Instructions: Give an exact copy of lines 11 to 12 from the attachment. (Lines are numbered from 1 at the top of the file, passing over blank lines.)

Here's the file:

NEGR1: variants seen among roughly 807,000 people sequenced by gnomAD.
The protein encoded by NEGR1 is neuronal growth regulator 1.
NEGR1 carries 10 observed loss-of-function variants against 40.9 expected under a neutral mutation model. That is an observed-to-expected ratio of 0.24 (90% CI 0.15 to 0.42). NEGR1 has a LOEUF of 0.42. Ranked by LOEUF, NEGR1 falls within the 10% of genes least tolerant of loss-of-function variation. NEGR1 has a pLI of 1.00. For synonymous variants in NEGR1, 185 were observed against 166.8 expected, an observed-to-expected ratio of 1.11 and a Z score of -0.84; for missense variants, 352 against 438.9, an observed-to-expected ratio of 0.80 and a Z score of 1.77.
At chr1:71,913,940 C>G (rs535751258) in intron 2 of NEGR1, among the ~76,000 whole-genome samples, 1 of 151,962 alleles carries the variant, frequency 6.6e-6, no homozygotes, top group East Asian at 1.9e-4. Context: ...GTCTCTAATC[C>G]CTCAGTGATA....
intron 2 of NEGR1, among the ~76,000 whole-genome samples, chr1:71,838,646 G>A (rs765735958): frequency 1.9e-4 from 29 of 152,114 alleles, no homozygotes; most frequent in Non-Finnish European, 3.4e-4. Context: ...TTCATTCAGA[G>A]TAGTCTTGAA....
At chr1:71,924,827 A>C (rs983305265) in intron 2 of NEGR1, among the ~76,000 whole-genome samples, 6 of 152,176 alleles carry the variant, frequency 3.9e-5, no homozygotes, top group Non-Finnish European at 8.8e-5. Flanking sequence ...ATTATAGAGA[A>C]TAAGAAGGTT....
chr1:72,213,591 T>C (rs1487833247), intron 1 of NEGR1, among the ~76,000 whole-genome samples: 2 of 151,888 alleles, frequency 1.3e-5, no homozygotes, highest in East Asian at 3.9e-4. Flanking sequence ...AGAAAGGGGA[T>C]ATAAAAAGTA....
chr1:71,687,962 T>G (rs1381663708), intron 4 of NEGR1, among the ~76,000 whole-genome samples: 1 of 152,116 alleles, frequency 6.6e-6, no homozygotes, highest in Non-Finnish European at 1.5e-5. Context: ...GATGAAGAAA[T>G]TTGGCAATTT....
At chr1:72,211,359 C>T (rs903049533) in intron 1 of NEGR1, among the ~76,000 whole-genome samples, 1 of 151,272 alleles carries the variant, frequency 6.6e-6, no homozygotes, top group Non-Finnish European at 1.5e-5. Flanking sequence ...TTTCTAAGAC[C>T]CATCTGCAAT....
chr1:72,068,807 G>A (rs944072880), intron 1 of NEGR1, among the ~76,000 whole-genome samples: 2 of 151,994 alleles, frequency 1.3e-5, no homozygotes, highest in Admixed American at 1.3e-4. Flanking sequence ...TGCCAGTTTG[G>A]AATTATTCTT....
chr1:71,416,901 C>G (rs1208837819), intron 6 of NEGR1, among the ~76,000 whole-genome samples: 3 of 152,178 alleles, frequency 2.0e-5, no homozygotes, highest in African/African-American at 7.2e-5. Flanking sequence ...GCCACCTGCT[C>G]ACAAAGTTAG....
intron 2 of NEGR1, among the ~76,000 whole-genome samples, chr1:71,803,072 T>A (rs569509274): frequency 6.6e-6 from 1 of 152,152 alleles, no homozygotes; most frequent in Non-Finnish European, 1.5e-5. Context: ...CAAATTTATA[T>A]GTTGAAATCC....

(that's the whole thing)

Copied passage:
chr1:71,416,901 C>G (rs1208837819), intron 6 of NEGR1, among the ~76,000 whole-genome samples: 3 of 152,178 alleles, frequency 2.0e-5, no homozygotes, highest in African/African-American at 7.2e-5. Flanking sequence ...GCCACCTGCT[C>G]ACAAAGTTAG....
intron 2 of NEGR1, among the ~76,000 whole-genome samples, chr1:71,803,072 T>A (rs569509274): frequency 6.6e-6 from 1 of 152,152 alleles, no homozygotes; most frequent in Non-Finnish European, 1.5e-5. Context: ...CAAATTTATA[T>A]GTTGAAATCC....